All of our time travellers are passionate about educating and inspiring the young people they encounter.
As we are engaged in the activity of education, we therefore take an avid interest in the ways children take information on board and assimilate it.
Different learning styles
It is widely accepted that individuals differ in how they learn, and that each person will have their own learning ‘style’.
There are numerous theories on learning styles but for us a simple, easy-to-understand model that outlines the basic approaches is the so-called VAK model, which says people fall into three basic camps, preferring either Visual learning, Auditory learning or Kinaesthetic learning.
How to do you find out which type of learner you are?
Most of us will have a hunch which learning style suits us best but by taking a short, specialist questionnaire we can have this confirmed.
There are numerous online questionnaire’s out there, where the true or false questions are along the lines of: ‘I prefer to hear a book on tape rather than reading it’; ‘When I put something together, I always read the directions first’ and ‘When I am alone, I usually have music playing or hum or sing’.
While many of us will tend towards one style, we will also require small element of the other approaches as well, so for example, a person could be an 80% visual learner and both 10% auditory and kinaesthetic learner.
Are you an auditory learner?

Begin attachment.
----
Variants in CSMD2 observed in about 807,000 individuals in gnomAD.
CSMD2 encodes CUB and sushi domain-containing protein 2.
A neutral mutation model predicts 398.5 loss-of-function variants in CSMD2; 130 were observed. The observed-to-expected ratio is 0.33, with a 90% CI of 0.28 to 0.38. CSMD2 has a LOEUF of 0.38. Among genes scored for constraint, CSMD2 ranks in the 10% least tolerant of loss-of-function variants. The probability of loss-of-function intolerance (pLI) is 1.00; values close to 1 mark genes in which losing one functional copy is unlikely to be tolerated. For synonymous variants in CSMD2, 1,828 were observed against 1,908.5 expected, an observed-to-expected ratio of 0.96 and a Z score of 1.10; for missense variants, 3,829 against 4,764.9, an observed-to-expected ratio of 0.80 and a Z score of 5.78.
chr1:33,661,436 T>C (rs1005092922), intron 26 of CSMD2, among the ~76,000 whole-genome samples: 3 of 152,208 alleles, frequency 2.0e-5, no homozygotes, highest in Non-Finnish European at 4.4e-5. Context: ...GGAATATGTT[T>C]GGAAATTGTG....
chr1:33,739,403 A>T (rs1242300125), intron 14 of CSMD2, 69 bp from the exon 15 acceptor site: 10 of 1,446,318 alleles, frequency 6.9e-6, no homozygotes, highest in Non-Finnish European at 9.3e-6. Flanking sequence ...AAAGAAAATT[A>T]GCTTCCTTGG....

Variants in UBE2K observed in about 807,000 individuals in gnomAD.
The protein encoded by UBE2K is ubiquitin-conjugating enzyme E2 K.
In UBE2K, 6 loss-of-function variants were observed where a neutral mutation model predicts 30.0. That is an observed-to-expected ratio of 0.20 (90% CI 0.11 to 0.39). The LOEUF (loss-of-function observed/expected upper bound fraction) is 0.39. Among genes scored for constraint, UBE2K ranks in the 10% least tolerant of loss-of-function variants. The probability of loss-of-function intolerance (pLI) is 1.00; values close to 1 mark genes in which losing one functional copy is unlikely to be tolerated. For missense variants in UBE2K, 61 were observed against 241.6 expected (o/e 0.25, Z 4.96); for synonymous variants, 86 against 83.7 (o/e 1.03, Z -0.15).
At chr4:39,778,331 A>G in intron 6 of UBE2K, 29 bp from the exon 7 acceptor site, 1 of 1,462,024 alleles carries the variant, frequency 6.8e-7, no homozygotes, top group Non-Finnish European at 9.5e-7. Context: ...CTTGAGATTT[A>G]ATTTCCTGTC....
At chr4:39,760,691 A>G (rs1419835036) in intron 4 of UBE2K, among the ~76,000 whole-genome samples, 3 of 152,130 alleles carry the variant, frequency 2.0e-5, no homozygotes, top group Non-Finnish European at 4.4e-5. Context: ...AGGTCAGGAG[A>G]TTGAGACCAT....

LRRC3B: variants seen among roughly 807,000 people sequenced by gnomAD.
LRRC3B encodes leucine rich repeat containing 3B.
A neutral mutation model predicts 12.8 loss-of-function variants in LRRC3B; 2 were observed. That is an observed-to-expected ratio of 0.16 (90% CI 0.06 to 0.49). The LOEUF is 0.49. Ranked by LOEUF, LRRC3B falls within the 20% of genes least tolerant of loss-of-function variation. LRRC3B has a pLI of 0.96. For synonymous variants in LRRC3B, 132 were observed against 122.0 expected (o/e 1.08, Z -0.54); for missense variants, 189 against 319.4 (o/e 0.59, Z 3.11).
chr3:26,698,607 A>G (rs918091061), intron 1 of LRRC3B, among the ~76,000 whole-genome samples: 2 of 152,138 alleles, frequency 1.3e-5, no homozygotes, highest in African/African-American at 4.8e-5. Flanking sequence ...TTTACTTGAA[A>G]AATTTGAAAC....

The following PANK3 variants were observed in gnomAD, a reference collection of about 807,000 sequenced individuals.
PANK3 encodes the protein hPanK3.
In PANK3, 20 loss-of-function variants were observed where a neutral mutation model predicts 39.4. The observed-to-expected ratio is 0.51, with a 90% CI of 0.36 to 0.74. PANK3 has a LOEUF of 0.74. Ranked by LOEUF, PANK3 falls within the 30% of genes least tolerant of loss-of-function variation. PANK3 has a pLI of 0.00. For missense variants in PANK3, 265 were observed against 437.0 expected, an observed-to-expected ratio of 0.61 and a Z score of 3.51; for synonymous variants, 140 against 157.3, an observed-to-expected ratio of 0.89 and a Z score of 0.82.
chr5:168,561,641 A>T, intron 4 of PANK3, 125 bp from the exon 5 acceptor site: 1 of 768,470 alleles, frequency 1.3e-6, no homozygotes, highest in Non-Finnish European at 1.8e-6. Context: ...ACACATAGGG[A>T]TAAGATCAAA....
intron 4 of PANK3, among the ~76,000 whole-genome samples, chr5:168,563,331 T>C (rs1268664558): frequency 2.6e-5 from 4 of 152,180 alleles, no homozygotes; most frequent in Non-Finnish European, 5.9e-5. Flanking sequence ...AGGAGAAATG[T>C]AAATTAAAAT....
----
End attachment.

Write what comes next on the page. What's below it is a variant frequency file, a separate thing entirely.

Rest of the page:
Auditory learners learn best through listening and depend on hearing and speaking as a main way of learning.
Auditory learning methods could include using musical notes to memorise lists, or using voice recordings or chants to take on board history terms.
They tend to get a lot from class discussions, enjoy listening to audio tapes and find themselves reading and talking aloud to aid their understanding.
Are you a visual learner?
Visual learners gain a lot from the use of images, pictures and maps to organise information and communicate with others. They rely on the mind’s eye a great deal to help them visualise objects and outcomes.
If you find pictures or diagrams really helpful or take very detailed written notes then you are probably a visual learner.
Are you a kinaesthetic learner?
Kinaesthetic learners, or tactile learners, as they are sometimes known, are most comfortable when carrying out physical activities, rather than listening to a lecture or watching demonstrations.
They prefer to handle things and learn by doing, rather than having a written or verbal description of an activity or object.
What type of learner are you?
To find out more about how Portals to the Past can enhance your history teaching call us on 0800 112 3192 or contact us.